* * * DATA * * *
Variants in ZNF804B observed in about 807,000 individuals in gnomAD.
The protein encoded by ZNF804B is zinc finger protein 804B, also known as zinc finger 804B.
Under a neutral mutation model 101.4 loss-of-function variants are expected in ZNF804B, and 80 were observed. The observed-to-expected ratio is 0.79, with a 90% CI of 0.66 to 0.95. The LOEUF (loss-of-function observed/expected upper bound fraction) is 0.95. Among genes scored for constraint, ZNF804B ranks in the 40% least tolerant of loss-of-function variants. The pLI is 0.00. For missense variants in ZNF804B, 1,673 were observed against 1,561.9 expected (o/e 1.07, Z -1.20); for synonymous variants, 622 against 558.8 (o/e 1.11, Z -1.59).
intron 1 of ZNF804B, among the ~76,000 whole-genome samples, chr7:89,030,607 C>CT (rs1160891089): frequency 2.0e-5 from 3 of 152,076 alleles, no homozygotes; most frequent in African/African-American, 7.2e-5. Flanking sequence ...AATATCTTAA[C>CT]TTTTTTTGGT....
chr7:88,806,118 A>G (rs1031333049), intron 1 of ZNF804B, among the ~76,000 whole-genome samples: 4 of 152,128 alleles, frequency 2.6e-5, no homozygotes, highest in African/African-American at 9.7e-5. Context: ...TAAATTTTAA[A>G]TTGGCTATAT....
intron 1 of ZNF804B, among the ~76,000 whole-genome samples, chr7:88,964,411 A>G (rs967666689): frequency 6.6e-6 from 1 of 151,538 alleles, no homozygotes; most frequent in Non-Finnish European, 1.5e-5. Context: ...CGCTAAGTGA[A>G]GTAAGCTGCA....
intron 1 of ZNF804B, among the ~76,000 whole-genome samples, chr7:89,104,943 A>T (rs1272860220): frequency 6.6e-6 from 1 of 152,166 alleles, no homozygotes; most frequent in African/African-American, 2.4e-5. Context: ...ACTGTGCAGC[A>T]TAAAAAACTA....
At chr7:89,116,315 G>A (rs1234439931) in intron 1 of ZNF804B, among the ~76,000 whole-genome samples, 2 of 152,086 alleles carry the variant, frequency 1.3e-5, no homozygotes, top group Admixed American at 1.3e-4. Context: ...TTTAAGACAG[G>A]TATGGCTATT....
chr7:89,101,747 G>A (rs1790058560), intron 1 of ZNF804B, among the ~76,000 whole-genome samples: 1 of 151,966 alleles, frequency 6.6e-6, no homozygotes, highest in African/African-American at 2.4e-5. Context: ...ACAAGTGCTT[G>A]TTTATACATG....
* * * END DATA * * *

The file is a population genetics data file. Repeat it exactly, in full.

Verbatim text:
Variants in ZNF804B observed in about 807,000 individuals in gnomAD.
The protein encoded by ZNF804B is zinc finger protein 804B, also known as zinc finger 804B.
Under a neutral mutation model 101.4 loss-of-function variants are expected in ZNF804B, and 80 were observed. The observed-to-expected ratio is 0.79, with a 90% CI of 0.66 to 0.95. The LOEUF (loss-of-function observed/expected upper bound fraction) is 0.95. Among genes scored for constraint, ZNF804B ranks in the 40% least tolerant of loss-of-function variants. The pLI is 0.00. For missense variants in ZNF804B, 1,673 were observed against 1,561.9 expected (o/e 1.07, Z -1.20); for synonymous variants, 622 against 558.8 (o/e 1.11, Z -1.59).
intron 1 of ZNF804B, among the ~76,000 whole-genome samples, chr7:89,030,607 C>CT (rs1160891089): frequency 2.0e-5 from 3 of 152,076 alleles, no homozygotes; most frequent in African/African-American, 7.2e-5. Flanking sequence ...AATATCTTAA[C>CT]TTTTTTTGGT....
chr7:88,806,118 A>G (rs1031333049), intron 1 of ZNF804B, among the ~76,000 whole-genome samples: 4 of 152,128 alleles, frequency 2.6e-5, no homozygotes, highest in African/African-American at 9.7e-5. Context: ...TAAATTTTAA[A>G]TTGGCTATAT....
intron 1 of ZNF804B, among the ~76,000 whole-genome samples, chr7:88,964,411 A>G (rs967666689): frequency 6.6e-6 from 1 of 151,538 alleles, no homozygotes; most frequent in Non-Finnish European, 1.5e-5. Context: ...CGCTAAGTGA[A>G]GTAAGCTGCA....
intron 1 of ZNF804B, among the ~76,000 whole-genome samples, chr7:89,104,943 A>T (rs1272860220): frequency 6.6e-6 from 1 of 152,166 alleles, no homozygotes; most frequent in African/African-American, 2.4e-5. Context: ...ACTGTGCAGC[A>T]TAAAAAACTA....
At chr7:89,116,315 G>A (rs1234439931) in intron 1 of ZNF804B, among the ~76,000 whole-genome samples, 2 of 152,086 alleles carry the variant, frequency 1.3e-5, no homozygotes, top group Admixed American at 1.3e-4. Context: ...TTTAAGACAG[G>A]TATGGCTATT....
chr7:89,101,747 G>A (rs1790058560), intron 1 of ZNF804B, among the ~76,000 whole-genome samples: 1 of 151,966 alleles, frequency 6.6e-6, no homozygotes, highest in African/African-American at 2.4e-5. Context: ...ACAAGTGCTT[G>A]TTTATACATG....